Ring-necked Ducks on the Fox River in Waukesha Wisconsin on March 19, 2015

I stopped at the Fox River in downtown Waukesha, Frame Park, mid morning to see if what was going on. About ~10 Ring-necked Ducks were present. They have been hanging around now for a few days there on the river. These ducks are pretty skittish and never come very close to shore, pedestrians keep them pretty much in the middle of the river. Every once in awhile they drift a little bit to one side or the river or the other diving for food. They dove for food while I was there, then seemed to want to nap. I ran into Dan W. down there and we did a little shooting together for the few minutes of light we had this morning. Other species present appeared to be some Lesser Scaups, ~4 American Coots and a couple of Common Goldeneye were  still hanging around. In the park area there were nice numbers of American Robins. A flock of European Starlings were also making themselves known. Images were taken on March 19, 2015.

Ring-necked Duck, male with visible ring on neck

Ring-necked Duck, male with visible ring on neck

Ring-necked Duck

Binomial name: Aythya collaris

Category: Ducks, Geese, and Swans

Size: 17” long, 25” wing span

Weight: 1.5 lb.

Habitat:  Shallow freshwater or acidic wetlands such as fens, bogs, marshes, beaver ponds and swamps. They will use saltwater areas in the southern states.

Diet: The Ring-necked Duck gets its food diving shallow or near the surface.  Eats plants such as wild rice, wild celery, sedges, reed canary grass, arrowhead, water lilies, pondweed. The main diet for adult females when feeding duckings is earth worms, leeches, midges, clams and caddis flies which is also what the duckings are feed.

Nesting:  The nest is simply built by the female just before egg-laying time. Materials are grasses and stems taken from nearby the nest area, usually 2”-10” directly above the water to help protect from land predators. The size is 2”-4” deep and 9”-10” across with a ramp made to the water. The female lines the nest with her down feathers. Usually one egg per day is laid with a clutch size of 6-14 eggs.

Facts: Although called a Ring-necked Duck, it appears to have a ringed bill. The ring on the neck, how it gets its name is chestnut-colored and hard to see unless you are close up. Some Minnesota lakes are gathering places for hundreds of thousands of these ducks during fall migration to feed on wild rice.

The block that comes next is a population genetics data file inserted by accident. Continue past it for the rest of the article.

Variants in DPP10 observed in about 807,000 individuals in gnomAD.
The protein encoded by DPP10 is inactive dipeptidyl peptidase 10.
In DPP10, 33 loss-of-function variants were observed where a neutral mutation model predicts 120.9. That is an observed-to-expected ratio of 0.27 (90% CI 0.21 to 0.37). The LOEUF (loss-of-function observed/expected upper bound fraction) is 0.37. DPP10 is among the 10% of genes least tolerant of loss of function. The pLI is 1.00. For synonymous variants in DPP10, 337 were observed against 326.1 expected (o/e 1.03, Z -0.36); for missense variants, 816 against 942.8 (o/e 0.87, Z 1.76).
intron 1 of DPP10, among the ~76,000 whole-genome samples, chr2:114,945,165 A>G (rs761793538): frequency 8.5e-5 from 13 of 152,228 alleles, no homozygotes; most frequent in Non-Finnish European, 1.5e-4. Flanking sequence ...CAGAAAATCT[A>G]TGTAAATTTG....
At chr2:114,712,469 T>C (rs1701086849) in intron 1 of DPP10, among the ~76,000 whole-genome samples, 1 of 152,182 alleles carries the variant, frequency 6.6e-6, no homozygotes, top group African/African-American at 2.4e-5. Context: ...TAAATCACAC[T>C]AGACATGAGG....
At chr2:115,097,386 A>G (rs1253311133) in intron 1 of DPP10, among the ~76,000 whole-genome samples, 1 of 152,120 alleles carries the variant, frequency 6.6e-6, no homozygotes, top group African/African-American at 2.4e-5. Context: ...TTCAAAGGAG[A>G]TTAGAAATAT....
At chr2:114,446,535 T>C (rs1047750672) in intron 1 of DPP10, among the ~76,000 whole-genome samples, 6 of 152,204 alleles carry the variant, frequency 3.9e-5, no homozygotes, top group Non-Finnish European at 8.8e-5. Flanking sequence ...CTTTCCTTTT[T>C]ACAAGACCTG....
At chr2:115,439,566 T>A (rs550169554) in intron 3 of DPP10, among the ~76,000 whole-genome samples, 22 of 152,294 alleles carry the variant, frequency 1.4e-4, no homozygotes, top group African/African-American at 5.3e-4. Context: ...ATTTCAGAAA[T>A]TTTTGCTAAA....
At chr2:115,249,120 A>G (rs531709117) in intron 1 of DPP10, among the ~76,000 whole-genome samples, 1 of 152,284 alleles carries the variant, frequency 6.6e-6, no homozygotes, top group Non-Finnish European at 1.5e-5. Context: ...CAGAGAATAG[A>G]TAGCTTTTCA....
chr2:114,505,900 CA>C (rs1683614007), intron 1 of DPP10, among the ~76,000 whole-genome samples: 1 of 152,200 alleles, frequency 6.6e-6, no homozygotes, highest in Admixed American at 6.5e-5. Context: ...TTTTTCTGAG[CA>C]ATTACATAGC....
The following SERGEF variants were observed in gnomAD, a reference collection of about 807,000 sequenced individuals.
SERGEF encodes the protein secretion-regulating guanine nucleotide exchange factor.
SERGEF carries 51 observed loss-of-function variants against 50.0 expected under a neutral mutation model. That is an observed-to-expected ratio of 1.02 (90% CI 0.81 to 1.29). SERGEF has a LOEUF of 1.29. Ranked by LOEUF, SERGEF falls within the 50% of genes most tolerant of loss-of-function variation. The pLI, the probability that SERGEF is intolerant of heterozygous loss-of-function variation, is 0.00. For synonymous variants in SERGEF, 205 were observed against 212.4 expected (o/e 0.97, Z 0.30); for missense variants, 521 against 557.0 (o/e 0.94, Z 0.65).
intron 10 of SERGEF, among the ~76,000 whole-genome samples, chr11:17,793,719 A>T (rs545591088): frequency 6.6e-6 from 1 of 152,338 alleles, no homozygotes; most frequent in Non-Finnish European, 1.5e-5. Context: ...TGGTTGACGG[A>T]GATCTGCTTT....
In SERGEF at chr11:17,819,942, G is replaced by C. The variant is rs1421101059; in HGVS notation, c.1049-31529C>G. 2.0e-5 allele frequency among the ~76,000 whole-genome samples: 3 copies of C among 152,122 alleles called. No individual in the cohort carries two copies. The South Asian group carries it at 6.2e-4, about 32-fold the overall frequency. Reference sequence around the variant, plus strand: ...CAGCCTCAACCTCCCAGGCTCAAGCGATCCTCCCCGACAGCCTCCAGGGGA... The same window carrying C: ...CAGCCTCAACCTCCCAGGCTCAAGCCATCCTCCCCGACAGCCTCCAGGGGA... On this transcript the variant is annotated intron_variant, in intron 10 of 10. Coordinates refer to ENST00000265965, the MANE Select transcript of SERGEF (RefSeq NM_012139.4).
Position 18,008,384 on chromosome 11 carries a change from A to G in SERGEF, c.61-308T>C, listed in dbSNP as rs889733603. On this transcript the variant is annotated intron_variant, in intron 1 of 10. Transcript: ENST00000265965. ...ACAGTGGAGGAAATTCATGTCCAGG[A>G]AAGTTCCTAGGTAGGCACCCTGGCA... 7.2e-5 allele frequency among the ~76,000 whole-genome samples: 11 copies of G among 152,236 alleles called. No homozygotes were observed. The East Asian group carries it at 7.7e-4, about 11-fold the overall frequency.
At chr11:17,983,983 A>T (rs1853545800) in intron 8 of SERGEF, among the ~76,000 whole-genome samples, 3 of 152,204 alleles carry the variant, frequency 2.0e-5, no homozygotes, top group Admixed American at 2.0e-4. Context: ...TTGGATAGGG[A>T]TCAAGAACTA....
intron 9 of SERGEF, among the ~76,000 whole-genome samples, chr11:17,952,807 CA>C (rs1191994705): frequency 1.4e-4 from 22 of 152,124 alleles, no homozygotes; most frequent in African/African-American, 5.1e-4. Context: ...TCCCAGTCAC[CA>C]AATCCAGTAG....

Ring-necked Duck, female

Ring-necked Duck, female

Ring-necked Duck, male-left /Ring-necked Duck, female-right

Ring-necked Duck, male-left /Ring-necked Duck, female-right

Ring-necked Duck, male

Ring-necked Duck, male

Ring-necked Ducks, males

Ring-necked Ducks, males

Ring-necked Duck, male

Ring-necked Duck, male

Ring-necked Duck, male

Ring-necked Duck, male with visible ring on neck

Ring-necked Duck, male (3), Ring-necked Duck, female (1)

Ring-necked Duck, male (3), Ring-necked Duck, female (1)

Ring-necked Duck, male-left /Ring-necked Duck, female-right

Ring-necked Duck, male-left /Ring-necked Duck, female-right

Ring-necked Duck, male

Ring-necked Duck, male

_rIMG_3718_cr

Ring-necked Ducks, 2 male, 1 female

_____rxxIMG_4226_cr

Ring-necked Duck, male (4), Ring-necked Duck, female (1)

____rxxIMG_4250_cr

Ring-necked Duck, male with visible ring on neck

Stretching

Stretching

Stretching

Stretching

__rIMG_5539_cr

Ring-necked Ducks, males, one resting, one not

__rIMG_5355_cr

Just looking, Ring-necked Ducks, males

__rIMG_6621_cr

Ring-necked Duck, female

__rIMG_6317_cr

Look at those “Ring-necks”!

__rIMG_5780_cr

Just hanging out, Ring-necked Ducks, 2 males, 1 female

__rIMG_5860_cr

__rIMG_5651_cr

__rIMG_6593_cr

About admin

Window to Wildlife features the photography of Jim Edlhuber. A lifelong native of Wisconsin, Jim has been photographing wildlife for 20 years. He considers himself an avid photographer and is always trying to capture nature and wildlife through his lens. He is in several photography clubs and has won numerous awards for his work. In recent years, Jim has focused mostly on birding photography and finds it to be the most challenging.

Tagged . Bookmark the permalink.

4 Responses to Ring-necked Ducks on the Fox River in Waukesha Wisconsin on March 19, 2015

  1. Nan Wisherd says:

    What an appetizer for the eyes!

  2. Annie says:

    Such vivid pictures. I have the most difficult time with waterfowl , other than the obvious like your previous pictures of the beautiful Wood Duck, so a bird guide with these up close photos would help me. Thanks for sharing.

  3. Ron Spitz says:

    I was watching these ducks from my balcony overlooking the Fox river this week and thinking: I hope Jim captures a photo of these visitors.
    Not to be disappointed!…. I have truly appreciated your artwork since meeting you while walking along the Fox last year. Many thanks for sharing your journeys.

  4. Nancy Nabak says:

    Two words…
    GOR… JUS! : )

    Thanks for sharing these with us, Jim! Just GOR… JUS!

Leave a Reply

Your email address will not be published. Required fields are marked *